Play Based Pedagogy

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Play Based Pedagogy

Play Based Pedagogy


In this chapter we will contend that pedagogical theories could inform the conduct of action research based on social theories. We are referring here not to 'pedagogy as method' which has been dominant in the Anglo-American literature, but toPedagogiek, which we term 'pedagogy as human science', or more precisely, the science of the child's upbringing. This science seeks answers to questions about what kind of human beings children should become and how they can be raised toward becoming such human beings, taking into account the context in which this process of upbringing takes place.

Frameworks are used in which knowledge from different disciplines (psychology, sociology, philosophy, economics, law) are integrated. Pedagogy as human science was more dominant in the Netherlands, Germany and other continental European countries until recently but this dominance is increasingly being replaced by a strong focus toward pragmatic Anglo-American pedagogic literature with a strong psychological focus on the individual learner (see Van Manen, 2004; Westbury, 2000). We start with the underpinning principles that legitimize action research and argue that in addition to principles of justice and critique, principles of pedagogy (pedagogiek) are also needed (see Ponte, 2007). We then go on to explore the historical background of pedagogy as human science, constantly exploring questions that teachers doing action research will ask themselves. The chapter concludes by making a link to Anglo-American literature on pedagogy and some closing remarks.

Arguments For Action Research

The general argument made for action research is often as follows. The reality of professional practice is complex, changeable and cannot be accurately predicted in advance by general academic knowledge. As a consequence, practitioners constantly have to face the question: What in the given circumstances is the best way to act, in order to achieve what is important at this moment? In action research this argument is mainly bound up with an agenda for democracy and social justice. Although there seems to be a consensus on this agenda, different orientations can be found. We summarize these as the principles of justice and critique, each in a different way related to the principles of professional development (inspired by the 'ethics' of Poliner Shapiro and Stefkovich, 2001: 1).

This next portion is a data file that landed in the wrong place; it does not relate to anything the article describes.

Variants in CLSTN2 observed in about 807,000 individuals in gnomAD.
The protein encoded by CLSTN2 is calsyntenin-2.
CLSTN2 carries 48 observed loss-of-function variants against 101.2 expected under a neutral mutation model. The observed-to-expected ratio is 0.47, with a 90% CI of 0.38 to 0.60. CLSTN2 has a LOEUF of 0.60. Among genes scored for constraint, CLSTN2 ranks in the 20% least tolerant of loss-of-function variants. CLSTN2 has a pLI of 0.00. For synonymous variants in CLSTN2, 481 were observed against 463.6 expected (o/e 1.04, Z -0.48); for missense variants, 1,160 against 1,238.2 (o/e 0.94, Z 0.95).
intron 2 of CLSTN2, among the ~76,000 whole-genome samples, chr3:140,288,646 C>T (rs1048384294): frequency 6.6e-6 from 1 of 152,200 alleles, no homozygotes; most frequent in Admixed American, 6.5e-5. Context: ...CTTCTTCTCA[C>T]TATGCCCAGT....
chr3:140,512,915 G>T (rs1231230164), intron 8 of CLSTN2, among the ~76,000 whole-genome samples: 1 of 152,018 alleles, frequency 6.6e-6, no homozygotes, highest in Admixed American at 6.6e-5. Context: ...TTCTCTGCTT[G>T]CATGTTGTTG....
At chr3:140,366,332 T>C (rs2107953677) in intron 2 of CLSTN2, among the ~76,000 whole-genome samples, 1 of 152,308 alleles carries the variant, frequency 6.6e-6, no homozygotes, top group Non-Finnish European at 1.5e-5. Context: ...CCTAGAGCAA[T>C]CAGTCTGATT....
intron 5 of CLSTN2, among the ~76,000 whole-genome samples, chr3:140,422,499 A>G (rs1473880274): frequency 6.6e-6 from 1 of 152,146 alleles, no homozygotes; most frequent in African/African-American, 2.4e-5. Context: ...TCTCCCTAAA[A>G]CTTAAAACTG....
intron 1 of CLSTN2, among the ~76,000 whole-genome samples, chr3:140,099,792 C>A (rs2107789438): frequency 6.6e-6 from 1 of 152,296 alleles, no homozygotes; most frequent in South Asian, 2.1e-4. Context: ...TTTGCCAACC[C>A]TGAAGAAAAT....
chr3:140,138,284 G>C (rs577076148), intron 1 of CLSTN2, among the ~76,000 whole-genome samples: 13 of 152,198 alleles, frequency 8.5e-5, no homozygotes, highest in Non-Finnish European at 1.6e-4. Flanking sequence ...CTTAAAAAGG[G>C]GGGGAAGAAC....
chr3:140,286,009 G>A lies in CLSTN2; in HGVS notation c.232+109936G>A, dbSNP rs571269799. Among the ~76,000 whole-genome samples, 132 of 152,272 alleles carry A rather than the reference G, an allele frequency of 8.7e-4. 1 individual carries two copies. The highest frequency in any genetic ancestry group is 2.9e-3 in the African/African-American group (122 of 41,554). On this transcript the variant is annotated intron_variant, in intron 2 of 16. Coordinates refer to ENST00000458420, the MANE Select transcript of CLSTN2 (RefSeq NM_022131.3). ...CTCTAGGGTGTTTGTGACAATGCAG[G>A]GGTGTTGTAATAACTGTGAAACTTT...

The principles of justice are grounded in the theories which are part of a liberal democratic tradition. Action research in this tradition is legitimized by a commitment to human freedom, equality of educational opportunity and freedom of belief (Stenhouse, 2005). The principles of critique are grounded in critical theories. Action research with a focus on these principles is legitimized by a commitment to demystify claims of truth for the purpose of transforming society and emancipating individuals from false consciousness (Carr and Kemmis, 2006). The principles of professionalism refer here to action research as a strategy for professional development. From the principles of justice perspective, action researchers should address the question of how to achieve consensus in interaction with children or youths and other stakeholders about what the aims are in given circumstances and the best way to achieve them. From the principles of critique perspective, action researchers should address the question of how they can contribute to social ...
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